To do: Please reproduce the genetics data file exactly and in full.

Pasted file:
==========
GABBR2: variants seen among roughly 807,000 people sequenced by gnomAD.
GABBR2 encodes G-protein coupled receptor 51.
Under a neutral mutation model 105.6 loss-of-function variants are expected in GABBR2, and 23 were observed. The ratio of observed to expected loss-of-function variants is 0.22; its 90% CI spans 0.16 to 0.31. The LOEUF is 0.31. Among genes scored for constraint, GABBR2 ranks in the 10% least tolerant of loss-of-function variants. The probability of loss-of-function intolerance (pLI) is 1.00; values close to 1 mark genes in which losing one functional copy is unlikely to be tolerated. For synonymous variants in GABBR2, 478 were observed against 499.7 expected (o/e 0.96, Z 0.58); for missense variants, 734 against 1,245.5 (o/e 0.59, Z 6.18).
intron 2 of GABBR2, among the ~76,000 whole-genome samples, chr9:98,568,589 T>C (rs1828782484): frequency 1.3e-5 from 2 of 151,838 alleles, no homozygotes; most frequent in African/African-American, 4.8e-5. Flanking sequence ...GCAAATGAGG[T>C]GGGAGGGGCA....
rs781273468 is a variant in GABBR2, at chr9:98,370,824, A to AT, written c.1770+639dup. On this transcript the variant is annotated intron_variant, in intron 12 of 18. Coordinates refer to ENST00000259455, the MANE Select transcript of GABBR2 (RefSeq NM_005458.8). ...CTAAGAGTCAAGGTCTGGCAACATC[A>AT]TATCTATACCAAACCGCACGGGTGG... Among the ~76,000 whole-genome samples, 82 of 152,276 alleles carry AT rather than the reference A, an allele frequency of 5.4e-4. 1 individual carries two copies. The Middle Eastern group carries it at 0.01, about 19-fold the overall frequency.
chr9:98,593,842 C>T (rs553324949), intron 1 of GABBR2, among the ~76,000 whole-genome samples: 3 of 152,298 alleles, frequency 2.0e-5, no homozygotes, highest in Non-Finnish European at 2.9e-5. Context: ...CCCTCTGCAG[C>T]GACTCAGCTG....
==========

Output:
GABBR2: variants seen among roughly 807,000 people sequenced by gnomAD.
GABBR2 encodes G-protein coupled receptor 51.
Under a neutral mutation model 105.6 loss-of-function variants are expected in GABBR2, and 23 were observed. The ratio of observed to expected loss-of-function variants is 0.22; its 90% CI spans 0.16 to 0.31. The LOEUF is 0.31. Among genes scored for constraint, GABBR2 ranks in the 10% least tolerant of loss-of-function variants. The probability of loss-of-function intolerance (pLI) is 1.00; values close to 1 mark genes in which losing one functional copy is unlikely to be tolerated. For synonymous variants in GABBR2, 478 were observed against 499.7 expected (o/e 0.96, Z 0.58); for missense variants, 734 against 1,245.5 (o/e 0.59, Z 6.18).
intron 2 of GABBR2, among the ~76,000 whole-genome samples, chr9:98,568,589 T>C (rs1828782484): frequency 1.3e-5 from 2 of 151,838 alleles, no homozygotes; most frequent in African/African-American, 4.8e-5. Flanking sequence ...GCAAATGAGG[T>C]GGGAGGGGCA....
rs781273468 is a variant in GABBR2, at chr9:98,370,824, A to AT, written c.1770+639dup. On this transcript the variant is annotated intron_variant, in intron 12 of 18. Coordinates refer to ENST00000259455, the MANE Select transcript of GABBR2 (RefSeq NM_005458.8). ...CTAAGAGTCAAGGTCTGGCAACATC[A>AT]TATCTATACCAAACCGCACGGGTGG... Among the ~76,000 whole-genome samples, 82 of 152,276 alleles carry AT rather than the reference A, an allele frequency of 5.4e-4. 1 individual carries two copies. The Middle Eastern group carries it at 0.01, about 19-fold the overall frequency.
chr9:98,593,842 C>T (rs553324949), intron 1 of GABBR2, among the ~76,000 whole-genome samples: 3 of 152,298 alleles, frequency 2.0e-5, no homozygotes, highest in Non-Finnish European at 2.9e-5. Context: ...CCCTCTGCAG[C>T]GACTCAGCTG....